Saturday, October 20, 2012

Boz by Request

photo by John Sandel

Yesterday, Dive gave me license to indulge when, regarding the blog, he commented, "As long as Boz appears on a regular basis it definitely has the right stuff in it."

So here is your Weekend Pupdate:

These days, our old pooper gets pooped a lot easier than he used to. Some days he seems "tetched in the haid," as my country relatives used to say. I don't think he's senile. I think he just needs to take his time to ponder things, like whether to walk all the way to the curb, or which way to turn at the end of the sidewalk. Maybe no turn. Maybe just stay right there.

For a while he was getting me up in the wee hours to go outside. But he sleeps through most nights now, and through most days, too. He's tired.

Getting old wears a person out. 

Friday, October 19, 2012

Friday Abstract

This photo reminds me of those word verifications on Blogger, with the blurry numbers. It's an example of a product created by a company that doesn't care about the user's experience. Like printers that drain the color cartridges when you print black and white copies, or phone carriers that keep you on hold for an hour, or the only cable company we can get in Pasadena--the manufacturer just wants you to buy it, they don't really care about whether or not it's useful to you.

Well, I'm here to tell you, I care about User Experience! I want you to visit again and again, so I want you to have a good time while you're here. (I mean--if that's what you want.)

So, let's do a customer survey.

Um, lemme think.


How's the blog working for you?
Does everything open okay?
Does it have the right stuff in it?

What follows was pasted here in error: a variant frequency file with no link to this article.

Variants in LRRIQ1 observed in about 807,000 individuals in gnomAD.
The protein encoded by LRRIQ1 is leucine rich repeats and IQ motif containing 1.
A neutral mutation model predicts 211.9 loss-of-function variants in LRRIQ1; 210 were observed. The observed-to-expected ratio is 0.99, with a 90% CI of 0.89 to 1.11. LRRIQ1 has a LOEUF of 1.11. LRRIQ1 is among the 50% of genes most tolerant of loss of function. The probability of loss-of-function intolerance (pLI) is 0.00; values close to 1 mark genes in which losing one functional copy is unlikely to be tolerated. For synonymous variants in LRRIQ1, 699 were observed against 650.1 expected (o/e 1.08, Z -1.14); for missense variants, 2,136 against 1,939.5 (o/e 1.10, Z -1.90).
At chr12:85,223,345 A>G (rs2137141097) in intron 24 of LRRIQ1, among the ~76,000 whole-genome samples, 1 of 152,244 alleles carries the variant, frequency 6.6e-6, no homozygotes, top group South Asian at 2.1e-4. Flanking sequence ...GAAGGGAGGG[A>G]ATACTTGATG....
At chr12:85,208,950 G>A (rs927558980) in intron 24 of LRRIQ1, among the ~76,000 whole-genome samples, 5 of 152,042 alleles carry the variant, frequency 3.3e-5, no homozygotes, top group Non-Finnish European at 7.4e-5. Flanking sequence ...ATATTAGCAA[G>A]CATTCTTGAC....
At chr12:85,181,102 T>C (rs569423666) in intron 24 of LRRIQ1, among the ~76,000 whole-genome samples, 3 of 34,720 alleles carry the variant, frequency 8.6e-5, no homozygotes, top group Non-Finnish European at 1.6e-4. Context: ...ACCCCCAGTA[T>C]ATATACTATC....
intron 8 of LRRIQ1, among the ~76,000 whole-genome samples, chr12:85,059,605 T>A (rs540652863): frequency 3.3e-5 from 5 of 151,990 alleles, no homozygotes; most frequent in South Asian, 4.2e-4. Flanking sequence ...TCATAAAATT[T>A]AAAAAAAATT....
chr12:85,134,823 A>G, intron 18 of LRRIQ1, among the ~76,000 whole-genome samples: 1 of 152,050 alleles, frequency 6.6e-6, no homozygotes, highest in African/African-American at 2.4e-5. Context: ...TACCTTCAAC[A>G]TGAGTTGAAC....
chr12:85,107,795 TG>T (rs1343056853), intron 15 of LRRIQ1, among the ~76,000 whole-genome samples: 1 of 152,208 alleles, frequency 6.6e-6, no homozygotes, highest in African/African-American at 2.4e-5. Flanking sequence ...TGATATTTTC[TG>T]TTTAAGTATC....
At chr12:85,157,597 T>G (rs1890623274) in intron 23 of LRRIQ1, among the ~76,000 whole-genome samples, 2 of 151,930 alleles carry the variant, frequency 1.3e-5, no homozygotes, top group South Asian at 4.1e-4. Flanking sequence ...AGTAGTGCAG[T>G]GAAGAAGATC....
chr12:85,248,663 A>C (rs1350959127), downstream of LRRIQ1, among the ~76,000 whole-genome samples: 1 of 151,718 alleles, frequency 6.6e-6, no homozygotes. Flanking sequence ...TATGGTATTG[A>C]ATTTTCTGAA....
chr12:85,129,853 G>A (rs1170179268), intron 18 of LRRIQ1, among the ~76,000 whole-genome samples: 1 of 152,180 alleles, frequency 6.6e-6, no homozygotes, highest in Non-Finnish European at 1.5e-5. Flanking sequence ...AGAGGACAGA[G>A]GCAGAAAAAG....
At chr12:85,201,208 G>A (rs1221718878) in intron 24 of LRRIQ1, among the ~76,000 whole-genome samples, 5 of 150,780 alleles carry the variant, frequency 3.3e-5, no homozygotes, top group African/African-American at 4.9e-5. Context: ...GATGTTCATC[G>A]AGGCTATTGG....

Does it have the wrong stuff in it?
Can you get stuff out of it, or is it stuck?
Does it seem fresh?
Is it too loud?
Can you use it for anything?
What would you change about it? (If I would let you, which I'm not saying I would, I'm just asking?)
Does it fit? 
Where do you keep it?
Do your friends have one?
Where do they keep it?

Thanks for taking the survey, and have a nice weekend.

Thursday, October 18, 2012

Commute, 13

Trying to raise my head above the proverbial water and catch a breath! I've been snowed under lately--proverbially, of course. It's actually warm and dry in Pasadena, and I don't believe there's been any snow here in the flatlands since the 1940's.

I took this shot in Los Angeles, along Beverly Blvd., on my way home from a recording session. There's no good freeway route, but I prefer the surface streets anyway. It's not far and there's so much to see.

Sometimes I'm pretty tired at the end of a work day, but mostly I feel satisfied. I'm fortunate to work at what I love. And when I'm as tired as I was yesterday, I'm happy to take my time on the way home and just wander.

Wednesday, October 17, 2012

Guest Author Kitty Kroger: Dancing with Mao and Miguel

I met Kitty Kroger at my writers group, where instead of critiquing each others' work we talk shop. Kitty mentioned her novel, Dancing with Mao and Miguel, and after the meeting I read the first chapter on her website. Now that I know it might be autobiographical, I'm even more intrigued. Please welcome guest author Kitty Kroger.

Although I’ve lived in NELA for 25 years, I spend more time in Pasadena than in Eagle Rock (especially at Vroman’s, the Laemmle, the New Delhi restaurant, Pita Pita, Sabor2 before it closed, the YMCA and Grassroots in South Pasadena, and with Altadena friends). But my novel is set in Jersey City because as a first novelist, autobiographical is obligatory, right?

Upon retirement I heard about NaNoWriMo (National Novel Writing Month). When it began, I was in Las Vegas getting out the vote for Obama. Each morning I arose an hour before my roommates, cloistered myself in the bathroom, and wrote at the bathroom counter. 1600 words a day on my AlphaSmart keyboard. I had my subject—problem child raised by single mom; I had my outline; I was ready.